I've been ill for a week now. That's quite a long time for me. It's the kind of ill that befuddles the mind and makes me cough all the time. It is boring and makes me want to curl up in bed.
And then I started thinking about how The Sanctuary felt heavy and how my first response was to ask why. Though asking why is made out to be such a good thing, in truth, asking *what do I do about it* is a better question.
It is difficult to know how to approach places that feel uncomfortable. Dowsing requires a kind of opening up which even if it is all imagination, doesn't seem too wise a thing to do. And the picture dowsing creates is more akin to an X ray diffraction image, than a photograph [meaning -the information can be misleading].
What would I be looking for if I dowsed the area?
I suspect that, if The Sanctuary is of the same kind of thing as Woodhenge, there would have been another significant burial close to the entrance of the rings.
I rationalised the sense of heaviness by interpreting the place as 'still inhabited'.
So, being logical now, there are two forensic ways to approach this 'problem' of how the Sanctuary feels. Either I try to 'see' what's there in terms of energy flow or I try to pin down what it is about the visible, and auditory properties of the place that makes it feel 'heavy'.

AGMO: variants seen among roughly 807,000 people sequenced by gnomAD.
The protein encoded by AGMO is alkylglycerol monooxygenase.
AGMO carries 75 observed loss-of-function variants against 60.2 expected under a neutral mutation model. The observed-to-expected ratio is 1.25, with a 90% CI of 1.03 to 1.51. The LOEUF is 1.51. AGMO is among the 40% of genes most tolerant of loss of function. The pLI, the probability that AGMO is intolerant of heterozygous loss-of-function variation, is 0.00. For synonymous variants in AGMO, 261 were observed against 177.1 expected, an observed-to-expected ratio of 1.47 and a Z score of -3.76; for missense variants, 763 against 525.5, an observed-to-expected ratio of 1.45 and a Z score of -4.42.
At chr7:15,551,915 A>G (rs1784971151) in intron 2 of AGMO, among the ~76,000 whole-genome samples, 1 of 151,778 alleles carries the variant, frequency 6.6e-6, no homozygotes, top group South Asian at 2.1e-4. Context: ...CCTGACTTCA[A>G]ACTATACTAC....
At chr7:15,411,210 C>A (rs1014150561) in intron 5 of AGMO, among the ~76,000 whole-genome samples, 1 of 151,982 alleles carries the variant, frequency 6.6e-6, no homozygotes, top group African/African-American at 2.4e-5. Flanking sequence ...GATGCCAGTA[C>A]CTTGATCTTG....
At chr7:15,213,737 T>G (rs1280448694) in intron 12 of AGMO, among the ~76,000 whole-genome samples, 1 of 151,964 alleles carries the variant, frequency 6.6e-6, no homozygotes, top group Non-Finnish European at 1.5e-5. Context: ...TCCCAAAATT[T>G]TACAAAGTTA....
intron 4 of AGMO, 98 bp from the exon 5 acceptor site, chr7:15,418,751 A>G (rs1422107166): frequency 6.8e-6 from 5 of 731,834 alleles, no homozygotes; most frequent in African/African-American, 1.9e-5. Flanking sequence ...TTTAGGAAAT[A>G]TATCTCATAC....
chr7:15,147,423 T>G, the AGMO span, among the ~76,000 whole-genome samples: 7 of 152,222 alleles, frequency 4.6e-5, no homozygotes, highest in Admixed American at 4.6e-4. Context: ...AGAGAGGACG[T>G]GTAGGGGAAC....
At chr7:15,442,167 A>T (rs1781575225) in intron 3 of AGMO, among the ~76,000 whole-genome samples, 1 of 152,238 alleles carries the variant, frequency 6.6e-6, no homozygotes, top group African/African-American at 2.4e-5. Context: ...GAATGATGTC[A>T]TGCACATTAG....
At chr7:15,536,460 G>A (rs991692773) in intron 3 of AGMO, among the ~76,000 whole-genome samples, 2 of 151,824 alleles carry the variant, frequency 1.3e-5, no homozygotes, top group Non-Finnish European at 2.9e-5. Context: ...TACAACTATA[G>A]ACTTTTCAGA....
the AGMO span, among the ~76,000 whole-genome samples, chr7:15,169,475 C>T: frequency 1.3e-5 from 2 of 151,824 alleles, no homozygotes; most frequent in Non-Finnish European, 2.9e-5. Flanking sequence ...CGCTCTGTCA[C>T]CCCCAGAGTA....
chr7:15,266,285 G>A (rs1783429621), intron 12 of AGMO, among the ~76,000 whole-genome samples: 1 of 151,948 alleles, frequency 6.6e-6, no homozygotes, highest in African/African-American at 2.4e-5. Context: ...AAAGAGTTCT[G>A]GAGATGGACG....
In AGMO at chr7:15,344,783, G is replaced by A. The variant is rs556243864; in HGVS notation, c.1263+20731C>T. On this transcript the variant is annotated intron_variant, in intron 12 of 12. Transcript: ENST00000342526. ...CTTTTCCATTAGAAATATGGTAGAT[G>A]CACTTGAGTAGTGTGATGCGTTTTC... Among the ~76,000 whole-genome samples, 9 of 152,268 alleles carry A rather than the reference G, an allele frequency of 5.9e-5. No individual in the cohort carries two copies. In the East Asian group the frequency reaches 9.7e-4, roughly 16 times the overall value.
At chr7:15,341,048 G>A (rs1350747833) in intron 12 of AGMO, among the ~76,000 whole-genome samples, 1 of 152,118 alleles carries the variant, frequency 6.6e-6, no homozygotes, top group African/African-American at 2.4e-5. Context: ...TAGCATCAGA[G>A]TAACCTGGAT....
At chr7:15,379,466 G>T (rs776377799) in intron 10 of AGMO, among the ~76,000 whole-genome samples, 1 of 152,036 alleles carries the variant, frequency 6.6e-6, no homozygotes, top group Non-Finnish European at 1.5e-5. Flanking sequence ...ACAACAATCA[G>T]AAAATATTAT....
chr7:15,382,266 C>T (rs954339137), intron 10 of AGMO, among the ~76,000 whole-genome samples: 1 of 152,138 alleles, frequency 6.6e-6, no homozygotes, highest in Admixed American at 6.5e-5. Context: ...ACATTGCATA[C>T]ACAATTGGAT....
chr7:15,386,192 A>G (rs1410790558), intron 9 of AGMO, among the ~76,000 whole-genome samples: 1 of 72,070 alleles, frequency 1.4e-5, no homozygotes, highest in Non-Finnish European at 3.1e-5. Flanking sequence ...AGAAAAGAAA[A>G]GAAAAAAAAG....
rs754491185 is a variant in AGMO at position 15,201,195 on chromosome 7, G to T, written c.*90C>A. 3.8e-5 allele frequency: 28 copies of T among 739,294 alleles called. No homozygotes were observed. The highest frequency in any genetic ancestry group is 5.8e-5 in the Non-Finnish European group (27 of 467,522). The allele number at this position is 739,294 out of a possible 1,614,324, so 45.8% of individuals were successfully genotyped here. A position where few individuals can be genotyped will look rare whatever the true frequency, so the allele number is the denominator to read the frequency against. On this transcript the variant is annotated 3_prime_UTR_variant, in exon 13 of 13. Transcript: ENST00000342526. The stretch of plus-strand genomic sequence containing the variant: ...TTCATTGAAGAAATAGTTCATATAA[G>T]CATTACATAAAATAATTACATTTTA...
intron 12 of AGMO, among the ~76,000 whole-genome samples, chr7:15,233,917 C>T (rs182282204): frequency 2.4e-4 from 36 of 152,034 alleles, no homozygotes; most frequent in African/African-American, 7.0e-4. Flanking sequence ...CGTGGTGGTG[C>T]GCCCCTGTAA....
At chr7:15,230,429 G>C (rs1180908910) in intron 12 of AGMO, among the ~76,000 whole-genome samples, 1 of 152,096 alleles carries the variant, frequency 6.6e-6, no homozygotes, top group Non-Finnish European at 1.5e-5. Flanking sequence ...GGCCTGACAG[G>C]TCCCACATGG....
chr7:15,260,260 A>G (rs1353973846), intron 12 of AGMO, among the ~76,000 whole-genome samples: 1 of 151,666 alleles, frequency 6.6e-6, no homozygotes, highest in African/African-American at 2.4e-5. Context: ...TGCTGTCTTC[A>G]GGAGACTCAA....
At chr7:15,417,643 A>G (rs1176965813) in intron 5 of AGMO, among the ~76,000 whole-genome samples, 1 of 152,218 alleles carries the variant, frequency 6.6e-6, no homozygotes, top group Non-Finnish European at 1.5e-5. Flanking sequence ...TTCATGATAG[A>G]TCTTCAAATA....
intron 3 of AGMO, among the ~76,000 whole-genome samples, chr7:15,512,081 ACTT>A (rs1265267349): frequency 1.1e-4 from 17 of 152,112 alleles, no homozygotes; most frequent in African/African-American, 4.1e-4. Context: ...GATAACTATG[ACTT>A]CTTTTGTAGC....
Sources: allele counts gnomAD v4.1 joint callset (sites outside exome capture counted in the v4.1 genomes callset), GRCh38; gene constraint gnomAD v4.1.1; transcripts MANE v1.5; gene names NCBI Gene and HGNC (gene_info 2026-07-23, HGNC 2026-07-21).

The other approach is to take it all at face value, add (rather than subtract) what I feel and acknowledge it.
At the moment that latter approach seems the right one (But I'm very interested in the sound of the place and will probably return with a microphone). Acknowledging the ghosts, means borrowing a prayer wheel and sitting there for a hour or so... What I'd like to do is buy a 100 blue paper bags, and put sand and a candle in each bag, placing them on the concrete posts
Giving temporary beauty to the place would be a good thing to do .
On the other hand, that that kind of thing can get one into trouble, I didn't notice the surveillance camera!
In a way it is immaterial if the place always feels heavy or not, I over dosed on Jung at a far too early age, so I'm happy to go no further than Sheldrake's morphic resonance. The fact that the place felt bad means that sometimes it is *bad*.
The question remains, what is the best way to deal with that?